// No authentication by default
 ArduinoOTA.setPassword((const char *)"xxx");
 ArduinoOTA.onStart([]() {
 ArduinoOTA.onEnd([]() {
 ArduinoOTA.onProgress([](unsigned int progress, unsigned int total) {
   Serial.printf("Progress: %u%%\r", (progress / (total / 100)));
 ArduinoOTA.onError([](ota_error_t error) {
   Serial.printf("Error[%u]: ", error);
   if (error == OTA_AUTH_ERROR) Serial.println("Auth Failed");
   else if (error == OTA_BEGIN_ERROR) Serial.println("Begin Failed");
   else if (error == OTA_CONNECT_ERROR) Serial.println("Connect Failed");
   else if (error == OTA_RECEIVE_ERROR) Serial.println("Receive Failed");
   else if (error == OTA_END_ERROR) Serial.println("End Failed");

 Serial.println(F("Entering loop"));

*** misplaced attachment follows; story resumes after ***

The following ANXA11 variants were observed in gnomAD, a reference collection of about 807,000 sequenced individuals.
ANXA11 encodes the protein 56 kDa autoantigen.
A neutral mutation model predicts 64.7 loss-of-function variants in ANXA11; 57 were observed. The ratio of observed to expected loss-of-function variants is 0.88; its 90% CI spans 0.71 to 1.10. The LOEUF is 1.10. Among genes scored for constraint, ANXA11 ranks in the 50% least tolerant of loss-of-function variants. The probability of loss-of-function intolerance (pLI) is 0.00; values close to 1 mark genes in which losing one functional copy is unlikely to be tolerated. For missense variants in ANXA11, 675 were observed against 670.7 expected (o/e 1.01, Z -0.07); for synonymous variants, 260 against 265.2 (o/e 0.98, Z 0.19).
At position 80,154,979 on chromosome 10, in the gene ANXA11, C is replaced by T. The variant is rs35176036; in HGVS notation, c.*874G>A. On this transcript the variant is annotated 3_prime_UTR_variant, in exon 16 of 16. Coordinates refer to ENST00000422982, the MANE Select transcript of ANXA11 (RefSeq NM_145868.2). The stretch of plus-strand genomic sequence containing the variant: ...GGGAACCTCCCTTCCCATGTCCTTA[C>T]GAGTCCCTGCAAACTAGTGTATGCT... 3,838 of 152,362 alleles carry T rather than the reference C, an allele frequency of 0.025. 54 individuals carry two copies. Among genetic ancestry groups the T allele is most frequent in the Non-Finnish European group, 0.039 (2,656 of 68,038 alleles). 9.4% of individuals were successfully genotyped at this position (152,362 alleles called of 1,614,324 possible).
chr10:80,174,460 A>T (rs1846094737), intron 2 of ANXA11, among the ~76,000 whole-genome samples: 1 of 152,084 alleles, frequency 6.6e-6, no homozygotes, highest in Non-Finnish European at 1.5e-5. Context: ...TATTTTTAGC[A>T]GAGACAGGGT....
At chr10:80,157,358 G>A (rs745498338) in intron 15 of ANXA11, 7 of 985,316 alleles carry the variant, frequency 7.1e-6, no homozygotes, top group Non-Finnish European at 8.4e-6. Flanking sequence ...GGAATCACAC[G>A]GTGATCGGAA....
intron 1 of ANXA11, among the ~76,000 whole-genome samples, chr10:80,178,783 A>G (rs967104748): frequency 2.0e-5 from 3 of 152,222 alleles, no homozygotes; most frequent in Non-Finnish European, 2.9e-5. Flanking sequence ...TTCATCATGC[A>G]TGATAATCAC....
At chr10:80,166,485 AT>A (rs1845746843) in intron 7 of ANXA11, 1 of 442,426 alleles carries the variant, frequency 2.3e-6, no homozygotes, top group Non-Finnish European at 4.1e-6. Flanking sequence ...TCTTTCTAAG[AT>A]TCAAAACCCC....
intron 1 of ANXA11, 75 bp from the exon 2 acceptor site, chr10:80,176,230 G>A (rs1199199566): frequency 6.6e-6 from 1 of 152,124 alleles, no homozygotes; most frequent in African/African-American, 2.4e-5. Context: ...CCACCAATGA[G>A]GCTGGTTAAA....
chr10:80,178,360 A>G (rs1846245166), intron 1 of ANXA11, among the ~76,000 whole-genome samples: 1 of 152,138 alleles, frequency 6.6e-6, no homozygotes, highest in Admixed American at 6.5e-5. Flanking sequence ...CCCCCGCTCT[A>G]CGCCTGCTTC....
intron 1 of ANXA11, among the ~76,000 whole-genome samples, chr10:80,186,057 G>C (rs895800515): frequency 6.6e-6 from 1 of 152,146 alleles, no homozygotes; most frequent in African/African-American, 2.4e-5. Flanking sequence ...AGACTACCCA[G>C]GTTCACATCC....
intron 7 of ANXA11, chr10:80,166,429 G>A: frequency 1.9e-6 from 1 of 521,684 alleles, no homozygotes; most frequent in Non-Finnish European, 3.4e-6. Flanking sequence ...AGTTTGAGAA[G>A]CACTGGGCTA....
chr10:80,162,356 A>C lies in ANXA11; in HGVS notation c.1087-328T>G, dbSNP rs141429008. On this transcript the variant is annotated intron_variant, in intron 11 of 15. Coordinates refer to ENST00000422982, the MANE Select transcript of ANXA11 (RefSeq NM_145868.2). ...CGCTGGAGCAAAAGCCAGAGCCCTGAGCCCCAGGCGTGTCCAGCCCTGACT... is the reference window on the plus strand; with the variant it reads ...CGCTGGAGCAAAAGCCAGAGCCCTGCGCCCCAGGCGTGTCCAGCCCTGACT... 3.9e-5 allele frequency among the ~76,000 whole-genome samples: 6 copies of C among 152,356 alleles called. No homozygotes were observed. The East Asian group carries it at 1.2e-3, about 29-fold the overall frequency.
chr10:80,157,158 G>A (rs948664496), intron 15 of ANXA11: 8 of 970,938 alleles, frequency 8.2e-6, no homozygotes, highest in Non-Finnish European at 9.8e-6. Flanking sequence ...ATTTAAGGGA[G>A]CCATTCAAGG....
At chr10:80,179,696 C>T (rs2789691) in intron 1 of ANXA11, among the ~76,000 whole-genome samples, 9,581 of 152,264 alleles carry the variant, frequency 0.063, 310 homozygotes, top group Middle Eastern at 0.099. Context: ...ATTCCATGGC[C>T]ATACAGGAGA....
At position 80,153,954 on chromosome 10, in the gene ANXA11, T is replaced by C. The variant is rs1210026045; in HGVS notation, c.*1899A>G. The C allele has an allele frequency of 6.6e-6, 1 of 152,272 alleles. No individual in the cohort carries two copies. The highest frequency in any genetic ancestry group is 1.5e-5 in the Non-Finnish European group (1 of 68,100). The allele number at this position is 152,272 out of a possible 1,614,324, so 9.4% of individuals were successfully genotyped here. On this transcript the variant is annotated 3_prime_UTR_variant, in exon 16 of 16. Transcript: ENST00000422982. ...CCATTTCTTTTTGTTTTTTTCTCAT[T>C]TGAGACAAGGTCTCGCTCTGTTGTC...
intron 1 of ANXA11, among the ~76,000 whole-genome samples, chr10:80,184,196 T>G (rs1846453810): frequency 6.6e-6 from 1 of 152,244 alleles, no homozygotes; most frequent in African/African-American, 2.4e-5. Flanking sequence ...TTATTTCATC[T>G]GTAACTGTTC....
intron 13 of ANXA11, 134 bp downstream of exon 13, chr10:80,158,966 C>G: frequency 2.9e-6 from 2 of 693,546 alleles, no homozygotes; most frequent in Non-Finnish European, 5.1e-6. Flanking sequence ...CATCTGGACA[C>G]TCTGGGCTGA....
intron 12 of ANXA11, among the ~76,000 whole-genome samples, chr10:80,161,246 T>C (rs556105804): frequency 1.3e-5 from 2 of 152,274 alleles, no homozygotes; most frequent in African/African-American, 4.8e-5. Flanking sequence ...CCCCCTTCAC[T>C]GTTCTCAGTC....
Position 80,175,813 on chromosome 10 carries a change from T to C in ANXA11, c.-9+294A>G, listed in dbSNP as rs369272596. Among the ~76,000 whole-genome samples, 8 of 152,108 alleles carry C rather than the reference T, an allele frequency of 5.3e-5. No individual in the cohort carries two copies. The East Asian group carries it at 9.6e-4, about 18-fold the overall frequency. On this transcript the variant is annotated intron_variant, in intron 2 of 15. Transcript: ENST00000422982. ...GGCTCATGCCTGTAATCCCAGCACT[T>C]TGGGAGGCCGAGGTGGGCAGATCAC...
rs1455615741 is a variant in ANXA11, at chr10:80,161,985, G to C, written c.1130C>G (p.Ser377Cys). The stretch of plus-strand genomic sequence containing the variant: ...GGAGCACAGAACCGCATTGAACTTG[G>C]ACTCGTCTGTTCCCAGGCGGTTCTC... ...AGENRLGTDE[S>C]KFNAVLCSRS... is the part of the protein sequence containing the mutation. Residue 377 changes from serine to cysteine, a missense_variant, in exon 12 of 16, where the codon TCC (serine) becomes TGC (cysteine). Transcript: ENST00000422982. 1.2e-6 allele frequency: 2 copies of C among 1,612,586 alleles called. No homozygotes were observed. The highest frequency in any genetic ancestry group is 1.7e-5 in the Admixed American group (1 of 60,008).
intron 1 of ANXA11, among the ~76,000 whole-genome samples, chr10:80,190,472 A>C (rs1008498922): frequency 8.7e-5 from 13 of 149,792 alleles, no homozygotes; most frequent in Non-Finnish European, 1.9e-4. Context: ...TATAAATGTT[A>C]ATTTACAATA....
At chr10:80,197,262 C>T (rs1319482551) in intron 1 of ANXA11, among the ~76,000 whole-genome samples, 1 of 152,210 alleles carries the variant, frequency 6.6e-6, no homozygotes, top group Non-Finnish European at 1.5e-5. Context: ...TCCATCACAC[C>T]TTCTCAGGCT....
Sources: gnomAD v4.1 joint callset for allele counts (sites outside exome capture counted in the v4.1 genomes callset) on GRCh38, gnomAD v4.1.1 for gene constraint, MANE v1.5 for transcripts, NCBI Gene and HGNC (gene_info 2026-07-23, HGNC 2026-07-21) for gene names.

timer.setInterval(2003L, blinkonoff);

void loop() {;
 if(!Blynk.connected()) {
   Serial.println(F("Resetting in loop"));
 if (!client.connected()) {

void wait (int ms) {
 long current_time = millis();
 long end_time = current_time + ms; 
 while (current_time < end_time) {
   current_time = millis();

void blinkonoff(){
// Turn runn LED on/off
  Blynk.virtualWrite(UP_LED,runn * 255);  // turn Up off
  runn = !runn;
  last_UP_change = millis();  

BLYNK_WRITE(V0) { //ON Off switch
   if (param.asInt()) {
     lamp_on = 1;
   else {
     lamp_on = 0;
   Blynk.virtualWrite(ONOFF_LED,lamp_on * 255);  

BLYNK_WRITE(V1) { // Dimmer 0-100
   brightness = param.asInt();
   char bright[4];
   dtostrf(brightness, 3, 0, bright);